Push to Legalize Pot at 'Tipping Point,' Experts Say

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Is The Country at a Tipping Point for Legalizing Marijuana?

The federal government has yet to rule on how it will handle the new laws in Washington and Colorado. Growing, possessing, and buying marijuana is still against federal law, though experts doubt that the federal government has the capacity to enforce the laws in those states.

"The feds undoubtedly have the authority to shut down any institution or selling shop," explained Richard Collins, law professor at the University of Colorado, Boulder. "(But) that would leave in place the right to possess an ounce and the right to grow six plants, which I doubt the U.S. attorney has the capacity to deal with."

"They don't have the manpower to do so, the resources to do so, and the public clearly would not be supportive of them doing so," Armentano said. "It think because these votes passed with such a solid majority, I don't think the political will in D.C. permits the federal government to do so. With that said, the federal government doesn't have a whole lot of options."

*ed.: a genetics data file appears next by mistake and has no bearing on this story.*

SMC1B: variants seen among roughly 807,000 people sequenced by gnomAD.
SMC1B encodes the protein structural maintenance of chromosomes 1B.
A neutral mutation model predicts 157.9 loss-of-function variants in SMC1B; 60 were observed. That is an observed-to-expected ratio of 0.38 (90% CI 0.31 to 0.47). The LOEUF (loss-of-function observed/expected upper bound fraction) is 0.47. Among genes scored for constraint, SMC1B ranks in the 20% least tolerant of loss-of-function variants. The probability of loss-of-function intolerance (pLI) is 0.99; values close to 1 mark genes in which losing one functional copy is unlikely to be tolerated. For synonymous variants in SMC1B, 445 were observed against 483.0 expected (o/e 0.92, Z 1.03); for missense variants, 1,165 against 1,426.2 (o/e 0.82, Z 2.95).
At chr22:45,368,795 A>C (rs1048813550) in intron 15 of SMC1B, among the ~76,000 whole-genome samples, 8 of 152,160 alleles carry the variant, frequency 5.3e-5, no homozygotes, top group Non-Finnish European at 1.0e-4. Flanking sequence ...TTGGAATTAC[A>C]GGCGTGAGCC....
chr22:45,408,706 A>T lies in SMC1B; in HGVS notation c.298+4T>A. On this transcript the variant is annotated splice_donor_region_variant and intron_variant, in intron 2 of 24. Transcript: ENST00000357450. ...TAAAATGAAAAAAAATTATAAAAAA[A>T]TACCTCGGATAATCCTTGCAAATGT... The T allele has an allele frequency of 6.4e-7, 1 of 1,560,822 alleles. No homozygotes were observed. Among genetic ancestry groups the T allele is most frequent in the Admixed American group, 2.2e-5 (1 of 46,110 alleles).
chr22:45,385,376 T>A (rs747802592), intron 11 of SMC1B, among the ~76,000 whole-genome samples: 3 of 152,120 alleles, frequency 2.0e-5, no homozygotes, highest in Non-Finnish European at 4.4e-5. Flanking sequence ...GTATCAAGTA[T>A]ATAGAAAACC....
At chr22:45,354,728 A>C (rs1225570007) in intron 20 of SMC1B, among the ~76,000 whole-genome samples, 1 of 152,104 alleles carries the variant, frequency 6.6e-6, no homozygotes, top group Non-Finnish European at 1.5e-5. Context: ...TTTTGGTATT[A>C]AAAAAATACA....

Collins points out that many voters in Colorado voted to approve the legalization of marijuana because it would provide an extra revenue source for the state in the form of new tax dollars. That argument is a central point of lobbyists' pitch to convince lawmakers that the regulation of the marijuana industry would be beneficial to states.

"If they do (outlaw selling shops), the existing black market would continue and the state won't get tax money, and if you ask voters why they voted for this, they say 'because it should be taxed like booze.' So if the U.S. attorney does this he'll be a really unpopular guy," Collins said.

Now, experts agree, all eyes are on the Department of Justice as it decides how to handle Washington and Colorado, and whether those states will pave the way for legal pot around the country.

"The significance is that (the votes in Washington and Colorado) are going to push up the timeline for the states and the federal government to resolve their differences," Meisel said. "I think many other states are going to be looking anxiously at this in terms of how it is resolved."

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